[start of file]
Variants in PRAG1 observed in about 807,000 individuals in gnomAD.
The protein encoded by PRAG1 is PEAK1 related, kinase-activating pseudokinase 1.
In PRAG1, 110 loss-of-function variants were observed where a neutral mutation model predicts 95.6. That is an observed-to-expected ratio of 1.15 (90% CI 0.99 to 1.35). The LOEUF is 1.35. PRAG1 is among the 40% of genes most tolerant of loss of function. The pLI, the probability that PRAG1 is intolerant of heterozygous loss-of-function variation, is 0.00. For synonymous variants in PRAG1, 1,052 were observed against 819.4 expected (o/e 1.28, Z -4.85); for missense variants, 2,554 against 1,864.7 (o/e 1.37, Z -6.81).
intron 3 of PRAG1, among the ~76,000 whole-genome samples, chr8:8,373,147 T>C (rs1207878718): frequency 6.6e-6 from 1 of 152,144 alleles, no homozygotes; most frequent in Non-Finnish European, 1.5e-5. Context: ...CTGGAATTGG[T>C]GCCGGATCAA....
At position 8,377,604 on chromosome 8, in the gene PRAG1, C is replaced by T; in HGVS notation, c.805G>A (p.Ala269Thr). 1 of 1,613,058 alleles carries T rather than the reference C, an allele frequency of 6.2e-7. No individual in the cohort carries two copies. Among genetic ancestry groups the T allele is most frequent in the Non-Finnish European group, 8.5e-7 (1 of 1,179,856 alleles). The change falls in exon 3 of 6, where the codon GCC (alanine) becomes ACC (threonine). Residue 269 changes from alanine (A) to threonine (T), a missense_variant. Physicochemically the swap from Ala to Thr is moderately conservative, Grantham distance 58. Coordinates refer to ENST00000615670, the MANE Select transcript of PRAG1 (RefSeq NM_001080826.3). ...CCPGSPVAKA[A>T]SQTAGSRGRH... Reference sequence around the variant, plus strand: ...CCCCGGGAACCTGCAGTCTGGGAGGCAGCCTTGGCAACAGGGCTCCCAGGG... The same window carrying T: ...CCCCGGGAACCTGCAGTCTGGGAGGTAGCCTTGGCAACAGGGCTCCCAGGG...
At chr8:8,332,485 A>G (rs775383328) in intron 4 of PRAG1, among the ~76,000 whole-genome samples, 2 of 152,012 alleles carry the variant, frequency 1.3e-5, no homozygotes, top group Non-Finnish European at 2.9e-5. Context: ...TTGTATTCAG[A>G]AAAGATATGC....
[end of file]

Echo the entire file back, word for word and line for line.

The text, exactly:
Variants in PRAG1 observed in about 807,000 individuals in gnomAD.
The protein encoded by PRAG1 is PEAK1 related, kinase-activating pseudokinase 1.
In PRAG1, 110 loss-of-function variants were observed where a neutral mutation model predicts 95.6. That is an observed-to-expected ratio of 1.15 (90% CI 0.99 to 1.35). The LOEUF is 1.35. PRAG1 is among the 40% of genes most tolerant of loss of function. The pLI, the probability that PRAG1 is intolerant of heterozygous loss-of-function variation, is 0.00. For synonymous variants in PRAG1, 1,052 were observed against 819.4 expected (o/e 1.28, Z -4.85); for missense variants, 2,554 against 1,864.7 (o/e 1.37, Z -6.81).
intron 3 of PRAG1, among the ~76,000 whole-genome samples, chr8:8,373,147 T>C (rs1207878718): frequency 6.6e-6 from 1 of 152,144 alleles, no homozygotes; most frequent in Non-Finnish European, 1.5e-5. Context: ...CTGGAATTGG[T>C]GCCGGATCAA....
At position 8,377,604 on chromosome 8, in the gene PRAG1, C is replaced by T; in HGVS notation, c.805G>A (p.Ala269Thr). 1 of 1,613,058 alleles carries T rather than the reference C, an allele frequency of 6.2e-7. No individual in the cohort carries two copies. Among genetic ancestry groups the T allele is most frequent in the Non-Finnish European group, 8.5e-7 (1 of 1,179,856 alleles). The change falls in exon 3 of 6, where the codon GCC (alanine) becomes ACC (threonine). Residue 269 changes from alanine (A) to threonine (T), a missense_variant. Physicochemically the swap from Ala to Thr is moderately conservative, Grantham distance 58. Coordinates refer to ENST00000615670, the MANE Select transcript of PRAG1 (RefSeq NM_001080826.3). ...CCPGSPVAKA[A>T]SQTAGSRGRH... Reference sequence around the variant, plus strand: ...CCCCGGGAACCTGCAGTCTGGGAGGCAGCCTTGGCAACAGGGCTCCCAGGG... The same window carrying T: ...CCCCGGGAACCTGCAGTCTGGGAGGTAGCCTTGGCAACAGGGCTCCCAGGG...
At chr8:8,332,485 A>G (rs775383328) in intron 4 of PRAG1, among the ~76,000 whole-genome samples, 2 of 152,012 alleles carry the variant, frequency 1.3e-5, no homozygotes, top group Non-Finnish European at 2.9e-5. Context: ...TTGTATTCAG[A>G]AAAGATATGC....